It usually takes about ten minutes before they come down, one at a time.
contented cockies
Happy cockies.  (All images: Nokia Lumia 530 Windows Phone, cropped)

Today, I’m busy finishing the evaluations on fellow students’ Effective Writing assignments. Not easy when I haven’t finished studying the class notes. Thank goodness for online checkers. I have until Monday bedtime to get this done, and two quizzes. I did pass this Effective Writing class last time, but since I hadn’t submitted this big paragraph assignment, it was a hollow feeling. I knew I hadn’t truly grasped the subject. I still haven’t grasped this subject! I won’t do this particular one at Coursera again, though – three times is enough.

Tomorrow, I’m starting The University of Queensland’s grammar MOOC at edX, second time around. Good timing.

I hope you’re having a lovely weekend.  :)

Tomorrow becomes today and then it’s gone.

Tomorrow becomes today and then it’s gone. Al Pacino says something like this ‘Stand Up Guys’, and it stuck in my head. So, to give me a daily reminder of time marching by, I’ve changed my tagline.

book oneI’m performing triage on my plot, having already written one-sentence notes for each scene on its own index card – about 70 of them. I need to fill plot holes. You may remember that I decided to split my work-in-progress. I was up to about 120,000 words, but had an earlier natural finishing point. I decided to go smaller, aiming at about 80,000 words. I don’t want it to cost me a small fortune when I buy my Print On Demand copies. Geez, I’m getting ahead of myself.

After writing the ending, I will start on the new scenes. Then I get to start all over again with the review process  – this time with a print-out. And I’ll have to rewrite nearly everything. My ‘voice’ has changed so much over the last 4 years, but I’m confident that going through these plot reviews will save it from being shoved into the fire. I still haven’t found my digital copies of the three scenes I tossed in the fire the other week – I was hasty, perhaps they really were okay.

I will have a manuscript ready for Beta readers by mid-September. (Yeah, I know, I’ve offered up false dates before.)

I’m giving Scrivener a try. I love the free yWriter5 software, but its main drawback is storing multiple projects. You can’t have projects in the same folder, else you overwrite things by accident. I suspect that is what happened to my missing three scenes. Anyway, I have folders all over the place, on two computers. In yWriter5, you drag in your characters, items and location to each scene, and I’m hoping the keyword function in Scrivener will give me that same sort of control. I mustn’t let the bells and whistles distract me, though.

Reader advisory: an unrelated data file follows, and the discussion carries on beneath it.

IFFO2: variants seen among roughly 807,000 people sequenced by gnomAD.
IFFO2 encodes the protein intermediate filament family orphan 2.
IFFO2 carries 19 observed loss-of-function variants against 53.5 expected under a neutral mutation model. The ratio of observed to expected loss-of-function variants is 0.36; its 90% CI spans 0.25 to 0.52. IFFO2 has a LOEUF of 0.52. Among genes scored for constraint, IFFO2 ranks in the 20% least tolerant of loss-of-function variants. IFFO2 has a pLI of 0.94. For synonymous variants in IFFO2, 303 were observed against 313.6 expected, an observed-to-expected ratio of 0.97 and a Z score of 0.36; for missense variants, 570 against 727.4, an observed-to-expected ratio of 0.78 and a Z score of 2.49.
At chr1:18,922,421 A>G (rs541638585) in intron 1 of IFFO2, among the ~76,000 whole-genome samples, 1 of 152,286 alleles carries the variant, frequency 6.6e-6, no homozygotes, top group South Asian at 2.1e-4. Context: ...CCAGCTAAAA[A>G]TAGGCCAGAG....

I’ll leave you with some photos. After being minus 2 Celsius during the night, we woke to a damp fog. Dull all day. I have no incentive at all to get my step count up today. Treadmill – blahhh.

Cattle-yards, belonging to the farm next door.
Hay Shed
Hay Shed. So foggy, I couldn’t see the cows.

And, last night, there was this gorgeous light reflecting off the clouds. The sun was setting behind me.

The setting sun, behind me, lighting up the sky.
The setting sun, behind me, lighting up the sky.

All images taken with the Nokia Lumia 530. Thanks for reading.  :)

Blazing Sulphur Crests

Blazing Crests   20 July 2015 (Nokia Lumia 530, windows phone)
20 July 2015   (Nokia Lumia 530, windows CameroPro )

phoneography imageIt’s Black and White week over at Sally D’s Mobile Photography Challenge, so I’ve converted my image to grayscale, sharpened it, and reduced the quality before saving.

Works for me.


I think the default on this camera phone is Windows 8 CameraPro. Last week, I finally discovered that there isn’t a macro or closeup setting on the new Nokia Camera – no wonder I was having trouble. I’ve downloaded an app to take care of this, but have yet to learn to use it.  I hate not having a side camera button, like on the Nokia Lumia 520.

I hope you are having a lovely day.  :)